Florida's economy might be booming, but some remnants of the last economic downturn are creating opportunities for banks that are a bit further ahead in the healing process.
Seacoast Banking Corp. of Florida in Stuart agreed last week to buy Grand Bankshares in West Palm Beach, Fla., for $16.2 million. While Grand was well capitalized at March 31, it still has a big pool of troubled-debt restructurings and other performing loans that, for various reasons, must be classified as nonperforming.
Seacoast sees the deal as a way to gain scale in a bigger market. The deal also is expected to boost the company's earnings, an area that analysts say Seacoast must improve as it moves on from the 2008 downturn.
Grand "did a heck of a job maneuvering through" the downturn, said Dennis Hudson, chief executive of the $3.1 billion-asset Seacoast. "They have enough capital to operate, but not to grow. Given the direction we are headed, it made sense to get together."
Seacoast and Grand were hit hard during the downturn, ending up with regulatory consent orders. Grand tried to sell itself to Harbor Community Bank, but instead sold its suitor a handful of branches and loans, eventually raising a small amount of equity. Seacoast was propped up by private equity firm CapGen Financial Group and an infusion from the Treasury Department's Troubled Asset Relief Program.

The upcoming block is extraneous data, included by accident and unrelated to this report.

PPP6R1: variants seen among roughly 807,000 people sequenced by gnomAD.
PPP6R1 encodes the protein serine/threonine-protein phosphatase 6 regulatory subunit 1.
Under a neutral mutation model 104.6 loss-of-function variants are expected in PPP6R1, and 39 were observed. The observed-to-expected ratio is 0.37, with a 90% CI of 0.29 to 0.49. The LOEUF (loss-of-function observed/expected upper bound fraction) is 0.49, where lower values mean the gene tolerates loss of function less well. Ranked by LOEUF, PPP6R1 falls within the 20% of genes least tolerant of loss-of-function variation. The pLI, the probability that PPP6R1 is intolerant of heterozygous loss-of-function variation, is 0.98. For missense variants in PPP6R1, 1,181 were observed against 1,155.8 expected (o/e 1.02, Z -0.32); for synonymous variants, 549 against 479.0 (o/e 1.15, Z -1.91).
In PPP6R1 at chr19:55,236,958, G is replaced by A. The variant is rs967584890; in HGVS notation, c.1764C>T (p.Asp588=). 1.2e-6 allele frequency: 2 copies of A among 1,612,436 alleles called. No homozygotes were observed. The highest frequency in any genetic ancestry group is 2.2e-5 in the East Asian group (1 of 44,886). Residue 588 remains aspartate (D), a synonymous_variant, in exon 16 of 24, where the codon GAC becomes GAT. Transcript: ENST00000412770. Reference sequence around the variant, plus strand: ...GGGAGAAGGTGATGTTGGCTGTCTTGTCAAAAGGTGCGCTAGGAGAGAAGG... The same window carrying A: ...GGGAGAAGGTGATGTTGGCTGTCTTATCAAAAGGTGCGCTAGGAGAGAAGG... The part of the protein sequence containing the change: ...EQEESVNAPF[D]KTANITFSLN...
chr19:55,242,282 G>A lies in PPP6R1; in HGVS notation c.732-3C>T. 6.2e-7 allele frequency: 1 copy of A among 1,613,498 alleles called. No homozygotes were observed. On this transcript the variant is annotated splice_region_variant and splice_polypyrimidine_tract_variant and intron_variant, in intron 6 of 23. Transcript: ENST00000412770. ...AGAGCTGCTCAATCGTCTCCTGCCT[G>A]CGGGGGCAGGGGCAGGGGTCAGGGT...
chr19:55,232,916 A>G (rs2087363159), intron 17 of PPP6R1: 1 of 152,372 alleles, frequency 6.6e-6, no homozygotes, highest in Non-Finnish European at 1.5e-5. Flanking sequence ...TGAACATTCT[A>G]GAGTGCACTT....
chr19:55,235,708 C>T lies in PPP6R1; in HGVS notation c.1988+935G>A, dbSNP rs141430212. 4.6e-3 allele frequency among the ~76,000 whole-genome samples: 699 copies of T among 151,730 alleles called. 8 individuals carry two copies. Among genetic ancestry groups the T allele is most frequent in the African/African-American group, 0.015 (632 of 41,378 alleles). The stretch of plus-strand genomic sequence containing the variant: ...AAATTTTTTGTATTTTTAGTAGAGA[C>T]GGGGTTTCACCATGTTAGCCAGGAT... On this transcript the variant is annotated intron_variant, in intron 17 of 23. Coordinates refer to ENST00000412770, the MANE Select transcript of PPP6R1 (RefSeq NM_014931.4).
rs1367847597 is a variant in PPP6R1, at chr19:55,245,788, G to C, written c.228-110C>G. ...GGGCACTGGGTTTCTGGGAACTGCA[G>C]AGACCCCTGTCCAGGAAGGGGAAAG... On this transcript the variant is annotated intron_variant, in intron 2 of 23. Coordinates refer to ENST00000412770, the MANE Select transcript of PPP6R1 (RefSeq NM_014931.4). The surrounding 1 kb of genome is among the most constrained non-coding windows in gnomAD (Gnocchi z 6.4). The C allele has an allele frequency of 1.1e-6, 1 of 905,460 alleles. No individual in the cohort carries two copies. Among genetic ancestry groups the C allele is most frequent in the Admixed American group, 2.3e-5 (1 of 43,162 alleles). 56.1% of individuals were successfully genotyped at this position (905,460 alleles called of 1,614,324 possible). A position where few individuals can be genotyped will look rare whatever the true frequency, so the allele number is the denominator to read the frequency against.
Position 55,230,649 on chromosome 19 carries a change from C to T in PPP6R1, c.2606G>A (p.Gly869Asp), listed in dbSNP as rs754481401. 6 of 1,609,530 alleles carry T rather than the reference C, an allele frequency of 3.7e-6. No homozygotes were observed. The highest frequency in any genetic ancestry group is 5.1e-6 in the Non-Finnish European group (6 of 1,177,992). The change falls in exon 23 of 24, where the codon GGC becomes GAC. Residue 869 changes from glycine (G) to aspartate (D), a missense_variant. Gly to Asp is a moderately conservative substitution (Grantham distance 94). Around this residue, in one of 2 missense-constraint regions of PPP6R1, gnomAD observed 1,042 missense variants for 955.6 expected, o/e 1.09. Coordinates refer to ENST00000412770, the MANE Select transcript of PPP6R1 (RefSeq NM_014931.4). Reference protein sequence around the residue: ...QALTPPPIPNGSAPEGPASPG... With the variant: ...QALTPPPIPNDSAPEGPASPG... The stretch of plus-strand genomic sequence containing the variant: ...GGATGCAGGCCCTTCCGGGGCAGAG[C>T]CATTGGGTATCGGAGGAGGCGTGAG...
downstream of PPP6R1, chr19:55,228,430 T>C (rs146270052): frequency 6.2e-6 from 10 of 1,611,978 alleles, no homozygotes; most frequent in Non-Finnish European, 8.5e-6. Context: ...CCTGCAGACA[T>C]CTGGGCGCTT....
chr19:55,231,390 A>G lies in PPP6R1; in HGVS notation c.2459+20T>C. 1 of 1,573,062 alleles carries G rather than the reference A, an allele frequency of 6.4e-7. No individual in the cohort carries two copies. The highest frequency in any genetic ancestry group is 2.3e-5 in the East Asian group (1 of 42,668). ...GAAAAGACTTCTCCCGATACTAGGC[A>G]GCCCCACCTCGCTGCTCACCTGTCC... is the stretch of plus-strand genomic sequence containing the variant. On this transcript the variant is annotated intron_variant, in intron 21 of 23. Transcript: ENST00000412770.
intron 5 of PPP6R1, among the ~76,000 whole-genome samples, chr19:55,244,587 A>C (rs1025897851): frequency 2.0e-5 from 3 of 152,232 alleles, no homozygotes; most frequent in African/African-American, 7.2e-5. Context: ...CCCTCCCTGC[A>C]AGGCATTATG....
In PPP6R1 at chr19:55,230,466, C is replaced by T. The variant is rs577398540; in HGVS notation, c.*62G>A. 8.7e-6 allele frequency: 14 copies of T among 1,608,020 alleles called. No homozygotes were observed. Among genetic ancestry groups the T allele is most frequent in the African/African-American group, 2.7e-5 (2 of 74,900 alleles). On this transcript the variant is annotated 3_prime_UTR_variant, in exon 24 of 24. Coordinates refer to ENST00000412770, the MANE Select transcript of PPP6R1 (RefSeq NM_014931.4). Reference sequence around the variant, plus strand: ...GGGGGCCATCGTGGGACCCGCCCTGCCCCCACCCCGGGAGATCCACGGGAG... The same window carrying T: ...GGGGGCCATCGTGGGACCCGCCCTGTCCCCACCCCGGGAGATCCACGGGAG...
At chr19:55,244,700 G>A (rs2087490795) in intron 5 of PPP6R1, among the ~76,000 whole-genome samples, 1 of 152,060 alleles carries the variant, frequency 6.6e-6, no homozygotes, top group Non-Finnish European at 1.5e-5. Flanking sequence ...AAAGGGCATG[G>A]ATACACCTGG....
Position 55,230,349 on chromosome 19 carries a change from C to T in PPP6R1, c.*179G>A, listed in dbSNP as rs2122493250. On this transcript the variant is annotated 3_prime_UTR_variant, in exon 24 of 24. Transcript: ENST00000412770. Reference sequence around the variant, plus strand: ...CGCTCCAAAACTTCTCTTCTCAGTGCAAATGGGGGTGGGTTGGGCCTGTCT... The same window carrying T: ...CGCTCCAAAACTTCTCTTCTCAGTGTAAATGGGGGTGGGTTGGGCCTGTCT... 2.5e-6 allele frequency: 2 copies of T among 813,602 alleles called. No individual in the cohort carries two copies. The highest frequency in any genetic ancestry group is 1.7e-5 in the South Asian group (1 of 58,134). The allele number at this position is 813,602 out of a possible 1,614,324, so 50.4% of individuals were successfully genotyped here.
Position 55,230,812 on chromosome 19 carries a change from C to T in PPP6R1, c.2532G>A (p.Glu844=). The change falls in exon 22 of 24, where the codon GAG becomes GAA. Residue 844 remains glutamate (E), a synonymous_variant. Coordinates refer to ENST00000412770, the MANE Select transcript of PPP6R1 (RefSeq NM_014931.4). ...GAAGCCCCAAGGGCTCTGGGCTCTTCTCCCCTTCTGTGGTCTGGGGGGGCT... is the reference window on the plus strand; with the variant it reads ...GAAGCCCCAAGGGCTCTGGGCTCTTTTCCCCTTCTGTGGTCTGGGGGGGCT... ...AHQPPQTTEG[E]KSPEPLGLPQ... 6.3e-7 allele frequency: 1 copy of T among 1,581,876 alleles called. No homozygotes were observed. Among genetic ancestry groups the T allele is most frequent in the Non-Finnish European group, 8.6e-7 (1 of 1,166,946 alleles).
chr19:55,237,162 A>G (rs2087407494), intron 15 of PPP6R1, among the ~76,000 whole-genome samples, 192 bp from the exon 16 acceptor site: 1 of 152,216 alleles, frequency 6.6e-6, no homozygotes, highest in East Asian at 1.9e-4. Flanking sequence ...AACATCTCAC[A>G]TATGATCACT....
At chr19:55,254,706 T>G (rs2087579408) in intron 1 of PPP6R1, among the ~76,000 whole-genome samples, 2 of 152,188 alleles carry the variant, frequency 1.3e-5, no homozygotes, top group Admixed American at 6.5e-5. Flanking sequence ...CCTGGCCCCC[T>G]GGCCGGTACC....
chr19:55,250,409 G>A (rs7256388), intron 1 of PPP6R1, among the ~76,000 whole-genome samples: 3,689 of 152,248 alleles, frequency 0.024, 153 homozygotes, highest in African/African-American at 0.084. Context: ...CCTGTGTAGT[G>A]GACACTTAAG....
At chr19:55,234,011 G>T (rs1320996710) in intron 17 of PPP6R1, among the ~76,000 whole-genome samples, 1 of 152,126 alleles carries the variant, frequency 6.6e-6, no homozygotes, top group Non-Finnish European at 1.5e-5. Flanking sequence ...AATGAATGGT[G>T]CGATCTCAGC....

Seacoast has spent the last decade branching out from its hometown into other parts of Florida; it used acquisitions to build sizable franchises in Orlando and Daytona Beach. The company also opened loan production offices in Boca Raton and Fort Lauderdale.
The $208 million-asset Grand is a chance for Seacoast to double down in Palm Beach County, a market that is home to nearly $41 billion in deposits. Martin County, where Seacoast is based, has $3.7 billion in assets.
Seacoast plans to close one of Grand's branches, but the other two will provide added scale in West Palm Beach. The sale was negotiated, rather than the result of an auction, Hudson said.
"This is a relatively inexpensive way to add customers in a key market," said Jefferson Harralson, an analyst at Keefe, Bruyette & Woods. "There are handfuls of banks with less than $500 million in assets that are having profitability issues in Florida I could see Seacoast doing more deals like this."
Hudson said Seacoast is not targeting banks of any specific size, noting that The Bankshares, another recent acquisition, was a third of his company's size.
Seacoast's deal prices Grand at about 108% of its tangible book value, though some analysts pegged the price tag at closer to 135% when adjusted for credit marks. Still, the transaction bucks a current trend for valuations in Florida, where several deals were priced closer to two times tangible book.
Hudson, however, downplayed the perceived bargain.
"Pricing is very bank specific," he said. "The primary driver to pricing is the earnings power associated with the customers. We think the growth potential in that customer base is great."
Seacoast projected that the deal should boost its expected 2016 earnings per share by 5%. It would also add modestly to Seacoast's tangible book value increasingly a rarity in an M&A market where boards are more willing to accept dilution in exchange for an earnings boost. Those projections, notably the earnings accretion, left analysts pleased with the deal.
"For any bank, the next 5% earnings growth is the most needed 5%," Harralson said. "Management is pushing hard to grow earnings per share and earn its independence."